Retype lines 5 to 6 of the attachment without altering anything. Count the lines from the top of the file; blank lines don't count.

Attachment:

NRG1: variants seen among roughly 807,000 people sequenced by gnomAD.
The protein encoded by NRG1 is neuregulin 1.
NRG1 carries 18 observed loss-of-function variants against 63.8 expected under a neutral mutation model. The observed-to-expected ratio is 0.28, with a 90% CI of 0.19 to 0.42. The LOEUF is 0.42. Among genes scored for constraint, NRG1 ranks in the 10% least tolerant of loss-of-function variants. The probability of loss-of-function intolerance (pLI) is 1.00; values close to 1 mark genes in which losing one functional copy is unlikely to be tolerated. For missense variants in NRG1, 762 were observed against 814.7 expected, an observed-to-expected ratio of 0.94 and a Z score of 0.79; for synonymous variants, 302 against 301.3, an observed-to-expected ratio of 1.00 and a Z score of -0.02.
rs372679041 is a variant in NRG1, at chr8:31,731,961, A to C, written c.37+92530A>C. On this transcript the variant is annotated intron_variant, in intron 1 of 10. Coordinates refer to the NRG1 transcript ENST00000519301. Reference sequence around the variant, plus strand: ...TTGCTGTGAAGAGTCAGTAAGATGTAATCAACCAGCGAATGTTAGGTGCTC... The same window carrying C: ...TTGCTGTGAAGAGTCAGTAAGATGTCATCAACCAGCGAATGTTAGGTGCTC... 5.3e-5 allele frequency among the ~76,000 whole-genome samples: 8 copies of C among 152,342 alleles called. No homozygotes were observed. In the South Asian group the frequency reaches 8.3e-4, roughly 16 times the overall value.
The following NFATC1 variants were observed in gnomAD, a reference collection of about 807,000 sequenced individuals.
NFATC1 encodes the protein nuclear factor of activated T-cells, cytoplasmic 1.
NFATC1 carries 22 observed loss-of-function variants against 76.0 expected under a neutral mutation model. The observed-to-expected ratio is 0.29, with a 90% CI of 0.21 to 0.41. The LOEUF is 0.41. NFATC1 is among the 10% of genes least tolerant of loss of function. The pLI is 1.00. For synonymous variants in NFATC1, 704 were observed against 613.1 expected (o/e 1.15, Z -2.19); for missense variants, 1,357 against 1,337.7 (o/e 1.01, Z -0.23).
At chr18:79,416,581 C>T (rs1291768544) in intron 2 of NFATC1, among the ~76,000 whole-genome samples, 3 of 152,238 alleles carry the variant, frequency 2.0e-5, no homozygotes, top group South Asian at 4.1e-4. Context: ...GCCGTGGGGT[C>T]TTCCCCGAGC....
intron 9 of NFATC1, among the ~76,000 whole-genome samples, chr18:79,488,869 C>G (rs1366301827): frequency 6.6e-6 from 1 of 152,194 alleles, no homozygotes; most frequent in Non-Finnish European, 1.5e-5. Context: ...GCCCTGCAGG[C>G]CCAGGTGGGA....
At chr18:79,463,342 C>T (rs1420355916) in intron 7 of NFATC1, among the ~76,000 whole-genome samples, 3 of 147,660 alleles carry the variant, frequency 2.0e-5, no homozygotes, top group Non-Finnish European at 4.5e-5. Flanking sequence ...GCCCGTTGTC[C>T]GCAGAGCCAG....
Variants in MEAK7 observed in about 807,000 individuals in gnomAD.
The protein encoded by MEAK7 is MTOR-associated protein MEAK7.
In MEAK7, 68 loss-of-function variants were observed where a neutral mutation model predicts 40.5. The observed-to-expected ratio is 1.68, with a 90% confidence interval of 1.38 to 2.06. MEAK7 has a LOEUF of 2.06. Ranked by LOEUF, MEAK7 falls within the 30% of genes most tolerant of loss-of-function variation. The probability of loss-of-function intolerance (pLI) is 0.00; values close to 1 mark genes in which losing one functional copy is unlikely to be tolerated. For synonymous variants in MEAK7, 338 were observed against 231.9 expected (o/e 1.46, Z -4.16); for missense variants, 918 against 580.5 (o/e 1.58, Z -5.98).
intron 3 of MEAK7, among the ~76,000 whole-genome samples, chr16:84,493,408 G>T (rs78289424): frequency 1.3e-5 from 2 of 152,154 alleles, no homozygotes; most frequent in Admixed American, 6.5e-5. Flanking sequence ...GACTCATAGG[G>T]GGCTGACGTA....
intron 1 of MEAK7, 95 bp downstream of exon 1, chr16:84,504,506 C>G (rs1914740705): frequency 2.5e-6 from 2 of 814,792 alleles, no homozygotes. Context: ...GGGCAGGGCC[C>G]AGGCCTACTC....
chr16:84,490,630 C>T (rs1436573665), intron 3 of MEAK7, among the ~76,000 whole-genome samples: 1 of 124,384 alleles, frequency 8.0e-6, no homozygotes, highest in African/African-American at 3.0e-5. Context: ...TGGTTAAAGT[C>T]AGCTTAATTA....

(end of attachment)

The following NFATC1 variants were observed in gnomAD, a reference collection of about 807,000 sequenced individuals.
NFATC1 encodes the protein nuclear factor of activated T-cells, cytoplasmic 1.